Capacitive MEMS actuator technology platform for inkjet


MEMS-based technologies are already commonplace in inkjet print heads for many years. The actuation techniques used can be divided into three main categories:

  • Thermal
  • Piezo
  • Capacitive (or electrostatic).

Whilst all three have a long history, only the first two are being used in commercially available heads. In this article:

  • We will explain why the capacitive actuation technique is an excellent alternative to the more mature thermal and piezo actuation techniques;
  • We will demonstrate how the technology has been matured in a completely different application field (medical ultrasound imaging), and show its feasibility for inkjet applications.

Capacitive actuator basics


The basic operating principle of a capacitive actuator is fairly straightforward: a flexible freestanding membrane is displaced by a voltage between one electrode on the membrane and one on the underlying substrate. This displacement can be used to move fluid.

The main advantages of capacitive actuation compared to piezo-based are:

1.     Manufacturing

  • Easier integration with electronics (“CMOS compatible processing”)
  • Better reproducibility
  • Environmentally friendly (no Pb)
  • Lower production cost

2.     Performance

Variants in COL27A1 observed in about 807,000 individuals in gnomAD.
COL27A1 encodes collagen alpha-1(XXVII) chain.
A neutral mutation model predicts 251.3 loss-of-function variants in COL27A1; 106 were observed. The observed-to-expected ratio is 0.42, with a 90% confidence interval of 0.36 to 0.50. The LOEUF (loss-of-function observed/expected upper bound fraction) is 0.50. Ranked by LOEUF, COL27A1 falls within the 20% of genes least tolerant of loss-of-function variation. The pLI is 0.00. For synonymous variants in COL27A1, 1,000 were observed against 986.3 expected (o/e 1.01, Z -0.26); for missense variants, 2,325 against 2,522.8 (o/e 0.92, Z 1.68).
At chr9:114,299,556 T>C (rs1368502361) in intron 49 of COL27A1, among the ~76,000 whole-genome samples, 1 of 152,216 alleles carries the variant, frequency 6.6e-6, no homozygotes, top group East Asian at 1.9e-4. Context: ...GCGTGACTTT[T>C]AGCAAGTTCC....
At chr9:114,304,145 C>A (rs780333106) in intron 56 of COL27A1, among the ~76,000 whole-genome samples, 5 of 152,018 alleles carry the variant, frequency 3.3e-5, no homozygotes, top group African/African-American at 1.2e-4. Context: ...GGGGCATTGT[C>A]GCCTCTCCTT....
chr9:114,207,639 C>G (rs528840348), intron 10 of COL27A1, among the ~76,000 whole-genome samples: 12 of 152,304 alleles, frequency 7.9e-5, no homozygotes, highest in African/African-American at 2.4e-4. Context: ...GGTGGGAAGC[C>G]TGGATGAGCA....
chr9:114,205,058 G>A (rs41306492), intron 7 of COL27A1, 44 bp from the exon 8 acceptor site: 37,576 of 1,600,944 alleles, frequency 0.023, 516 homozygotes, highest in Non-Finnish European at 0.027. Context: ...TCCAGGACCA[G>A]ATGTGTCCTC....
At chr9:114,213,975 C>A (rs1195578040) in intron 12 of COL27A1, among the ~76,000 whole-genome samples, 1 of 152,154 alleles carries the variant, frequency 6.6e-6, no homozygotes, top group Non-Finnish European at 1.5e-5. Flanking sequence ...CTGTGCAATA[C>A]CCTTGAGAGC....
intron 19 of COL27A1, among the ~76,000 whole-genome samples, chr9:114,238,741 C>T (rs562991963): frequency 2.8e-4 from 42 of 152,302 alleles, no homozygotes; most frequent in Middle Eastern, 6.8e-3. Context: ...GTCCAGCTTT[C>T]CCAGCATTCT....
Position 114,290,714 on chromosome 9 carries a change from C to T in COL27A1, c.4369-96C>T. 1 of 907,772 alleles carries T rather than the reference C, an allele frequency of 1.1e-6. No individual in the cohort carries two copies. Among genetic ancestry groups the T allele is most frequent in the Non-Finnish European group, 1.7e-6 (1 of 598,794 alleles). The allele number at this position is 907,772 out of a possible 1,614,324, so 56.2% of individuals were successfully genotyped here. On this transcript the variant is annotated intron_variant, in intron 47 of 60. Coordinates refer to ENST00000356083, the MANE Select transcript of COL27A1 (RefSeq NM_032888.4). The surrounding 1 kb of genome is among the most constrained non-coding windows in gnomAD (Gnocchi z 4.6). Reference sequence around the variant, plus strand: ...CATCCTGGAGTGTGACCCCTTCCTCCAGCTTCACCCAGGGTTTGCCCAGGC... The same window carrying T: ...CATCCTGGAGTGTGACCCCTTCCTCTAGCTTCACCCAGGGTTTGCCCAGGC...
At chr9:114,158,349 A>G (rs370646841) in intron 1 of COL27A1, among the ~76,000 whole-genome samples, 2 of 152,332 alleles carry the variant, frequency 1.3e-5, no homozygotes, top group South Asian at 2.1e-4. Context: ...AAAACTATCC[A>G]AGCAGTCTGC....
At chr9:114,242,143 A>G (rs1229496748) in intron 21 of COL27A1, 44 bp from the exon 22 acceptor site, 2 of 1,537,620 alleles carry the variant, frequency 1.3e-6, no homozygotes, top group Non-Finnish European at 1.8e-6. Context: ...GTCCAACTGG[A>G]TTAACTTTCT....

• Higher output pressure
  • Larger bandwidth
  • Lower power consumption

CMUT for medical applications

The capacitive actuation (and detection) technology has been developed and matured inside Philips first for the application in medical ultrasound products, so-called CMUT (Capacitive Machined Ultrasound Transducer). Next to the potential for replacing the piezo-based transducers in conventional ultrasound probes, the ability to miniaturize the transducer allows it to be used on top of catheters, for in-body ultrasound imaging.

Detail of a CMUT array. The circular structures are the flexible membranes

Detail of a CMUT array. The circular structures are the flexible membranes

CMUT mounted on the tip of a catheter, for use in in-body imaging

CMUT mounted on the tip of a catheter, for use in in-body imaging

Using the medical imaging application domain, we have been able to develop CMUT technology into a mature, manufacturable process.

CMUT technology for inkjet

The inherent advantages of the CMUT technology mentioned above are also relevant for inkjet applications. We have therefore conducted a simulation study to assess the ability of our capacitive actuation technology to generate droplets from an aqueous solution. The picture below is a snapshot of this, showing the feasibility.


If you want to know more about this technology please visit my presentation at the Digital Printing Conference in Barcelona, or visit the website:

Erwin Hijzen, Program Manager
MEMS & Micro Devices, Philips Innovation Services